Prescott v. Independent Life and Acc. Ins. Co., 878 F. Supp. 1545 (M.D. Ala. 1995)

US District Court for the Middle District of Alabama - 878 F. Supp. 1545 (M.D. Ala. 1995)
February 8, 1995

878 F. Supp. 1545 (1995)

Ford W. PRESCOTT, Plaintiff,

No. CV-94-A-383-N.

United States District Court, M.D. Alabama, Northern Division.

February 8, 1995.

*1546 *1547 Jeffery C. Duffey, Montgomery, AL, Joseph (Jay) Brady Lewis, Montgomery, AL, for plaintiff.

Bruce Johnson Downey, III, Capell, Howard, Knabe & Cobbs, P.A., Montgomery, AL, Ruth W. Woodling, Christine E. Howard, Fisher & Phillips, Atlanta, GA, for Independent Life and Acc. Ins. Co.

Alvin T. Prestwood, Linda Smith Webb, James M. Sizemore, Jr., Volz, Prestwood, Hanan & Sizemore, Montgomery, AL, for T.L. Meeks.


ALBRITTON, District Judge.


This cause is before the court on Defendants' Motions for Summary Judgment filed on November 14, 1994.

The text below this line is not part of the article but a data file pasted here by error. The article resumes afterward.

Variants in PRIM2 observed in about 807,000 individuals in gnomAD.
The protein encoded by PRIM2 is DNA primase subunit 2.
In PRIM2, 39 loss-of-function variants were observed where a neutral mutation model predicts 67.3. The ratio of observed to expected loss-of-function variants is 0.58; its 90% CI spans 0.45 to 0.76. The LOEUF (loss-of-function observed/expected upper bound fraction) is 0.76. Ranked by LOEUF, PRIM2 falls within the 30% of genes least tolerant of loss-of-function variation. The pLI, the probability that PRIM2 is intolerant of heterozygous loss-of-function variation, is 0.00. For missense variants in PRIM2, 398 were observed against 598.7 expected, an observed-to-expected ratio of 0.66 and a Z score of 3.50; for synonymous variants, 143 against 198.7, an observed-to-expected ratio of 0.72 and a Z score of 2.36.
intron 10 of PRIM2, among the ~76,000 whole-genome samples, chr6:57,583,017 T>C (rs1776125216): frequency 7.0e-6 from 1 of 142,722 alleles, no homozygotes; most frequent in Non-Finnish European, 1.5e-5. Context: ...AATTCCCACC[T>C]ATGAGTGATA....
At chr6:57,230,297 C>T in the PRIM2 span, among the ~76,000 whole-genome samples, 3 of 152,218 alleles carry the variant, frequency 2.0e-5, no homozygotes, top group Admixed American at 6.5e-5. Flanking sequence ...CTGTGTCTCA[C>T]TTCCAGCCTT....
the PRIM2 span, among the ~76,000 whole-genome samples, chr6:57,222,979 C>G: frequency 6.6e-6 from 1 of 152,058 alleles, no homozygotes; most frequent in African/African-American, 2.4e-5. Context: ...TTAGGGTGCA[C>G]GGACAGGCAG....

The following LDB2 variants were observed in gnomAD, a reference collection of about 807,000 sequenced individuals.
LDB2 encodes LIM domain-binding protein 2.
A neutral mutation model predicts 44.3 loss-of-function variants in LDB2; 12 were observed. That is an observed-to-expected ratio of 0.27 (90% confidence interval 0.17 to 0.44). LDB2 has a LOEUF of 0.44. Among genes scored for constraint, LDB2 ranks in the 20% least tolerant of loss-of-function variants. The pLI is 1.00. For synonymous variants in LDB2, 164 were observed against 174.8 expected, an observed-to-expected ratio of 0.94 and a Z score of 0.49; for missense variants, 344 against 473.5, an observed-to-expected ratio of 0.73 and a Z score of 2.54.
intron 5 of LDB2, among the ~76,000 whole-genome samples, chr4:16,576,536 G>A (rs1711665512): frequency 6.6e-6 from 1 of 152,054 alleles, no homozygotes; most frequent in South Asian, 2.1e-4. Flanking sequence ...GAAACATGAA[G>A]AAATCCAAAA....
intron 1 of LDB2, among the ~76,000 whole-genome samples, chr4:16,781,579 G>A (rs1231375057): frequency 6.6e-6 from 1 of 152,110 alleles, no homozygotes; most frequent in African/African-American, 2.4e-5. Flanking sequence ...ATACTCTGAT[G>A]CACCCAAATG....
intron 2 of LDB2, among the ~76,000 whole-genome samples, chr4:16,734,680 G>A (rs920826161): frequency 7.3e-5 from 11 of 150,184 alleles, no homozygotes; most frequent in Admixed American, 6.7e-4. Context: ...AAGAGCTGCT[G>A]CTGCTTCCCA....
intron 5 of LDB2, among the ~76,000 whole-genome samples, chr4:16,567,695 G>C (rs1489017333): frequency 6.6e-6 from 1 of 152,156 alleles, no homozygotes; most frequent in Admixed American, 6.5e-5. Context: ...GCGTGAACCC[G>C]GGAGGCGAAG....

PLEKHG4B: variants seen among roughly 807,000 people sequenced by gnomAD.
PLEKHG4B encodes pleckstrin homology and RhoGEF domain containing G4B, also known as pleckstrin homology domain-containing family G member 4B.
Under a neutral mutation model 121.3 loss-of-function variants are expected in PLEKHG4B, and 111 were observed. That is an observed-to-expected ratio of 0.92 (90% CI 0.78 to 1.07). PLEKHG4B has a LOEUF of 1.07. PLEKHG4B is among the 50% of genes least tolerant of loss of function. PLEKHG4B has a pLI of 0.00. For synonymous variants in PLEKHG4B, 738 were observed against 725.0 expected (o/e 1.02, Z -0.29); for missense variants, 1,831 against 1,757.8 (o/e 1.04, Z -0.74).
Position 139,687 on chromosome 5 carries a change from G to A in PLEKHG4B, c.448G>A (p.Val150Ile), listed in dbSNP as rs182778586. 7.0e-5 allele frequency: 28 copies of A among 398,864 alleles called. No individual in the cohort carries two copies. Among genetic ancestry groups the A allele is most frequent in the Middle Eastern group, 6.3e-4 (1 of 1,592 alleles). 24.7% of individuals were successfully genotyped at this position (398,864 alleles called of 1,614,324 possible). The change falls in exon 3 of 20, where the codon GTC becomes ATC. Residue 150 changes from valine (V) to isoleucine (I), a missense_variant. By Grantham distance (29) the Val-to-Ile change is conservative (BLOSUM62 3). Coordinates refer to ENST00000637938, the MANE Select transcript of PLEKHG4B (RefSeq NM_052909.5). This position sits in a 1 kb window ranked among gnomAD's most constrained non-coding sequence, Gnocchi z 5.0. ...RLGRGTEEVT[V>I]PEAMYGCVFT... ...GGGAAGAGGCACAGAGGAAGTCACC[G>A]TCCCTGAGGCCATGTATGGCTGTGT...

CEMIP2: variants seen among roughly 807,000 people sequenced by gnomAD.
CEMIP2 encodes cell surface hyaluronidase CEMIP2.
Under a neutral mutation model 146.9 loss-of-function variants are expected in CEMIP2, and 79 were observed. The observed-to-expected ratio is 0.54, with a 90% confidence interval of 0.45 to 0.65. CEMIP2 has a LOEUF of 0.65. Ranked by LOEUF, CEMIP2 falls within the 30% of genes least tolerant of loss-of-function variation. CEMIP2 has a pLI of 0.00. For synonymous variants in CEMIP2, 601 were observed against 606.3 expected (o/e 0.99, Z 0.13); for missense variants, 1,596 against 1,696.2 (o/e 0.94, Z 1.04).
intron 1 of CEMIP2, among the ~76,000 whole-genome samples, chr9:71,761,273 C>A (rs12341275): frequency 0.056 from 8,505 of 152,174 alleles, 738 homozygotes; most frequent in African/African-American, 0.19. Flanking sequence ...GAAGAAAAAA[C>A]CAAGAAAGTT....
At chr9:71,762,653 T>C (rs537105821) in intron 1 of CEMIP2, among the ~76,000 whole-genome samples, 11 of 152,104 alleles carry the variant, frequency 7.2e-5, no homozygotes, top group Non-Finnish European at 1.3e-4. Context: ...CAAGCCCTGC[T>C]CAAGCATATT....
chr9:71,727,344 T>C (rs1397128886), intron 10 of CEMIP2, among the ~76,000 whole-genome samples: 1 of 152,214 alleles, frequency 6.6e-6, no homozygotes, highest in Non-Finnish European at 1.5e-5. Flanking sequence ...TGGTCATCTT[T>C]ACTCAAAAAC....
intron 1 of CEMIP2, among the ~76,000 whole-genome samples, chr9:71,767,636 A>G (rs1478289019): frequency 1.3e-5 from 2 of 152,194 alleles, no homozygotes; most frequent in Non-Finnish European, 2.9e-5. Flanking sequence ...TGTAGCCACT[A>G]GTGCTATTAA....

The plaintiff, Ford Prescott ("Prescott") brought this suit on March 31, 1994 alleging violations of 42 U.S.C. § 2000e, et seq., commonly known as Title VII of the Civil Rights Act of 1964, as amended. Specifically, plaintiff alleges a cause of action for quid pro quo sexual harassment.

Plaintiff named as defendants both the company he formerly worked for, Independent Life Insurance Co. ("Independent Life"), as well as his supervisor at the company, T.L. Meeks ("Meeks"). Plaintiff also alleged a pendant state law claim against his supervisor for assault and battery and invasion of privacy.

The defendants claim that the plaintiff was terminated for legitimate, non-discriminatory reasons. They also argue that, should the court rule against their Motion for Summary Judgment, plaintiff's recovery should be limited by the after-acquired evidence rule.

For the reasons set forth below, the court finds that Defendant Independent Life's Motion for Summary Judgment is due to be DENIED. Defendant Meeks' Motion for Summary Judgment as to the Title VII claims against him is due to be GRANTED. Defendant Meeks' Motion for Summary Judgment as to the state law claims against him is due to be DENIED.


Many of the facts of this case are in dispute. Therefore, except where noted, the court will rely on the facts as laid out by the plaintiff in his submissions, including his affidavit.[1]